No, no, it’s not a “Spiderman” post. That phrase is just the first thing that came crossed my slightly nerdy mind.
Lately, my battles have been fought making sure all my bases were covered in case of staggering losses. It’s who I am, how I was raised: pay your bills, save a chunk, then be happy with what’s left. Nothing wrong with that – unless it stresses you so much that you can’t actually be happy with what you’ve got left.
I’m completely spoiled by living on my own. There’s just me.
The challenges come when I find myself anxious to do something extraordinary. Sometimes it’s buying an overpriced concert ticket, then spending all the gas and half the day driving to the grounds, then splurging on garlic fries and t-shirts. Sometimes it’s buying the latest iPhone, or treating myself with a new instrument, or flying to Texas for an outrageous music festival, or picking up the latest Fossil watch. And I’m guilty! A lot of this is material.
Moving across the country? That’s an experience, so many new places, new people, new music, new food! This has been the source of my anxiety. While I find myself too careful, clingy to my community, attached to family, comfortable in what I’ve made for myself these two years in California, Jean-Paul Sartre couldn’t have said it better.
Each day, we are given new life, in order that we might live abundantly. We are given too many good things to enjoy. I personally believe that an abundant life is valuable enough to risk it, “once in a while”.
There are countless roses to stop and smell. Each day is a new rose garden, every happening a new rose.
Roses have never really been my favorite. Before you catch your breath, let me clarify: I am woman (if you’re around long enough, I will roar), and I DO very much love a good rose from a good man. What I mean to say is that I’ve always been more partial to wildflowers. Wildflowers are exactly that – wild. They can grow and flourish anywhere.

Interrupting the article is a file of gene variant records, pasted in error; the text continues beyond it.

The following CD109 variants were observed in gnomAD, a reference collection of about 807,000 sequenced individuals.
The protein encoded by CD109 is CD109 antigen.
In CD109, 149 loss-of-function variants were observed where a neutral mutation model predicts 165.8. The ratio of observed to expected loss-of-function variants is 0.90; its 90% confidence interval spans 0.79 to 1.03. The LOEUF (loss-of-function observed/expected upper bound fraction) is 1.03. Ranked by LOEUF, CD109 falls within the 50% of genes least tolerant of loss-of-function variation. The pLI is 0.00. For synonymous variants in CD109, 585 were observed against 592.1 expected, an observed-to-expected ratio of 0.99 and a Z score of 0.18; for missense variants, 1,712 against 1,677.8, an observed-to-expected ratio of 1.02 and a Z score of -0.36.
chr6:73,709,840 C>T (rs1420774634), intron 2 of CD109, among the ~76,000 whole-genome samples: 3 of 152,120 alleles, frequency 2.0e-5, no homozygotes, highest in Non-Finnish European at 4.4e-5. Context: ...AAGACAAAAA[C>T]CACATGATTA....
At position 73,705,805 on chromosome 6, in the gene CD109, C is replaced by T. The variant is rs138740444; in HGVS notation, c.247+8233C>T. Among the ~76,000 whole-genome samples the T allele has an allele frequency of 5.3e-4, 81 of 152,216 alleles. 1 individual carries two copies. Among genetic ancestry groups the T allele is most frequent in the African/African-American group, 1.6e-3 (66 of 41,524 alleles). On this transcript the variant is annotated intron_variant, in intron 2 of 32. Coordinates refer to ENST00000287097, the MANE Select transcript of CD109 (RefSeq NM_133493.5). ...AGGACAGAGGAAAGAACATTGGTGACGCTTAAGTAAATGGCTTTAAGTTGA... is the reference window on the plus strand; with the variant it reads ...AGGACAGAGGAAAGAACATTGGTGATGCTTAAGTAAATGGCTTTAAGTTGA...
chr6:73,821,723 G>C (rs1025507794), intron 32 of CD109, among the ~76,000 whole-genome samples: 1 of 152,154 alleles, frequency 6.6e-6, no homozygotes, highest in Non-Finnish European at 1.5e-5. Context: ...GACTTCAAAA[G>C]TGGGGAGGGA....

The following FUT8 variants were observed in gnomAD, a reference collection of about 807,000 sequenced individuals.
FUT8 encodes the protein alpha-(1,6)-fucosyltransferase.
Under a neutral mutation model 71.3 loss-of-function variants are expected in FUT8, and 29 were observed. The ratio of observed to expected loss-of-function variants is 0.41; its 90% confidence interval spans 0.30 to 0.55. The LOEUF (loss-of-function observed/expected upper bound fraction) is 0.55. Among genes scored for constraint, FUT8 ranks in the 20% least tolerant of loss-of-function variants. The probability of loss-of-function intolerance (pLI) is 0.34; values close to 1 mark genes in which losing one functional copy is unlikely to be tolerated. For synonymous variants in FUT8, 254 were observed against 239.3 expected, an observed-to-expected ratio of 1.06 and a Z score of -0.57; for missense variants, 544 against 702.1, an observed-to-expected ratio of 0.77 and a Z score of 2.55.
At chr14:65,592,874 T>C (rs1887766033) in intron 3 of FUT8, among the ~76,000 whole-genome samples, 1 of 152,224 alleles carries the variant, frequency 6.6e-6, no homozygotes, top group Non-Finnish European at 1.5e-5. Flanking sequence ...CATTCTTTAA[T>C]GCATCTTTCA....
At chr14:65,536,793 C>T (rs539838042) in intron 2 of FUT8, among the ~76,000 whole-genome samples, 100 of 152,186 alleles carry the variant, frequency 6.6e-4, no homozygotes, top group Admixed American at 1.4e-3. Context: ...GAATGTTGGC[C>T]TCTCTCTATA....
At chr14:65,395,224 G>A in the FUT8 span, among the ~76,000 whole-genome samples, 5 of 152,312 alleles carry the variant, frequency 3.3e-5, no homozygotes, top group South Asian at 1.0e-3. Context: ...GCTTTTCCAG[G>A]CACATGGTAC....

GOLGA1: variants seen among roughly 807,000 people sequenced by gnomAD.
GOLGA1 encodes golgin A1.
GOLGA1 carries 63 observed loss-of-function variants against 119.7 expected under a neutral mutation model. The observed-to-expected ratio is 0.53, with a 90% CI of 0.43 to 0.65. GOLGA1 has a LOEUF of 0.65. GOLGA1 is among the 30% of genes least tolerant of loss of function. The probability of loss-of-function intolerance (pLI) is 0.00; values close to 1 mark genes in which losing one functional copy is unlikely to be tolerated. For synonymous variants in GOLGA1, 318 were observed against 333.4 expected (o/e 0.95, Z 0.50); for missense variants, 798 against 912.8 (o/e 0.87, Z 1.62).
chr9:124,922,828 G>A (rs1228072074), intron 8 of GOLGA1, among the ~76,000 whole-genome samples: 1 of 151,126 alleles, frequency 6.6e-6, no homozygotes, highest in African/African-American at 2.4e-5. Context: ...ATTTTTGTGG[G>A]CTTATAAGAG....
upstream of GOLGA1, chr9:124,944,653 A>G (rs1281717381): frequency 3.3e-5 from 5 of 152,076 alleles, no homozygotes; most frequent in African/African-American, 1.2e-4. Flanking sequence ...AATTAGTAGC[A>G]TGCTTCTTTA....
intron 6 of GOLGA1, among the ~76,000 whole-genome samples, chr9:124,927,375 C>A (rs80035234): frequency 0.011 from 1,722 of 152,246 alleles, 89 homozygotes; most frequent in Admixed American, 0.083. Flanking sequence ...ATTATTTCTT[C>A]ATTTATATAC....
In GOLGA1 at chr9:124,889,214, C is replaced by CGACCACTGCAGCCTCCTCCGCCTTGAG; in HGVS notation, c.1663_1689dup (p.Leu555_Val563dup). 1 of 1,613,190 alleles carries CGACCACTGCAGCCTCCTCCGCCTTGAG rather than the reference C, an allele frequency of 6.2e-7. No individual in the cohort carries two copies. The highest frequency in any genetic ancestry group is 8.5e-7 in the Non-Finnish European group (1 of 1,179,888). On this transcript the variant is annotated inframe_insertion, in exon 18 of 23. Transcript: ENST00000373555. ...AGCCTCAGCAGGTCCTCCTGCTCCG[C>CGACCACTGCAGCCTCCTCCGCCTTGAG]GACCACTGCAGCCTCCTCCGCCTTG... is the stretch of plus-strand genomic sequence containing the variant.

My little dog, Blu, like me, tends to be a lot more like a wildflower than a rose. Blu always anxiously anticipates what’s up the road, just ahead. The Mister and I like to hike on days off or walk the neighborhood in the late afternoon while the sun goes down, and taking Blu along usually proves to be quite the endeavor. She hasn’t exactly learned to “heel,” and to be frank, I’m not sure I have a problem with that. Blu tugs on her leash wanting to see what’s next, smell what’s ahead, arrive at wherever it is we seem to be going…. Unless she’s short-leashed, Blu remains six feet ahead of us at all times.
I have a mile-long bucketlist. It makes me instinctively tug at my leash. Living in California these last two years has widened my horizons, and while I have lived, really lived happily, I’m anxious for what’s next.
Here’s to enjoying the wildflowers wherever they may bloom.
Leaving home for the first time really teaches a person a thing or two about appreciation for surroundings, whether it’s the people, family, and friends around you, or cash flow and job opportunities available to you, or most importantly, the music and art scenes alive and waiting for you. Coming from Texas into California, I have experienced a livelihood very different from what I was raised in (as I’m sure can be said of nearly every Texas-California transplant).
It’s been two lovely years, and my only regret is that I didn’t actively catalog where my feet have traversed, what my ears have heard, what my eyes have beheld, what my fork has lifted, where my thoughts have perused… As I am sitting here contemplating the fact that 8,645 days have been lived by yours truly, I am thinking about how many new things I will possibly be able to accomplish in the next 8,645 days. I believe wholeheartedly that I have experienced more in the last two years of my life than I have in the entire 23.67 years of my existence.
Thus begins the pattern of my existence. The Waverly that comes with every new Dawn.